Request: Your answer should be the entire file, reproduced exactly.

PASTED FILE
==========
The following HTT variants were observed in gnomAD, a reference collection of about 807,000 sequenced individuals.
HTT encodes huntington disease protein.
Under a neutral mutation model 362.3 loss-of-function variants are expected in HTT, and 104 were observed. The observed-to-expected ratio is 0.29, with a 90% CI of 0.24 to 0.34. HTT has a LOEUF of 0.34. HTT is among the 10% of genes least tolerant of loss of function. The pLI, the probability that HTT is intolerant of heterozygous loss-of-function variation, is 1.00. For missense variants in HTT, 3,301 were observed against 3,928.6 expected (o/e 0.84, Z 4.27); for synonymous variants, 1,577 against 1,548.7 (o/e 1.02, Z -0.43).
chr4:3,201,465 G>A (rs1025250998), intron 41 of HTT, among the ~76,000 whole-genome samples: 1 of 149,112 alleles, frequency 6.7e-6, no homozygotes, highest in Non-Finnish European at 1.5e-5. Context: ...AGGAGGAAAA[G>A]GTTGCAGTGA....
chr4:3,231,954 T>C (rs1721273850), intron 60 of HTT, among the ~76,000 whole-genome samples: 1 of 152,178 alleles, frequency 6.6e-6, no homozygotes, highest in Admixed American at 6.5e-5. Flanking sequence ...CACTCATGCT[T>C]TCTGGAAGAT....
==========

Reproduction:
The following HTT variants were observed in gnomAD, a reference collection of about 807,000 sequenced individuals.
HTT encodes huntington disease protein.
Under a neutral mutation model 362.3 loss-of-function variants are expected in HTT, and 104 were observed. The observed-to-expected ratio is 0.29, with a 90% CI of 0.24 to 0.34. HTT has a LOEUF of 0.34. HTT is among the 10% of genes least tolerant of loss of function. The pLI, the probability that HTT is intolerant of heterozygous loss-of-function variation, is 1.00. For missense variants in HTT, 3,301 were observed against 3,928.6 expected (o/e 0.84, Z 4.27); for synonymous variants, 1,577 against 1,548.7 (o/e 1.02, Z -0.43).
chr4:3,201,465 G>A (rs1025250998), intron 41 of HTT, among the ~76,000 whole-genome samples: 1 of 149,112 alleles, frequency 6.7e-6, no homozygotes, highest in Non-Finnish European at 1.5e-5. Context: ...AGGAGGAAAA[G>A]GTTGCAGTGA....
chr4:3,231,954 T>C (rs1721273850), intron 60 of HTT, among the ~76,000 whole-genome samples: 1 of 152,178 alleles, frequency 6.6e-6, no homozygotes, highest in Admixed American at 6.5e-5. Flanking sequence ...CACTCATGCT[T>C]TCTGGAAGAT....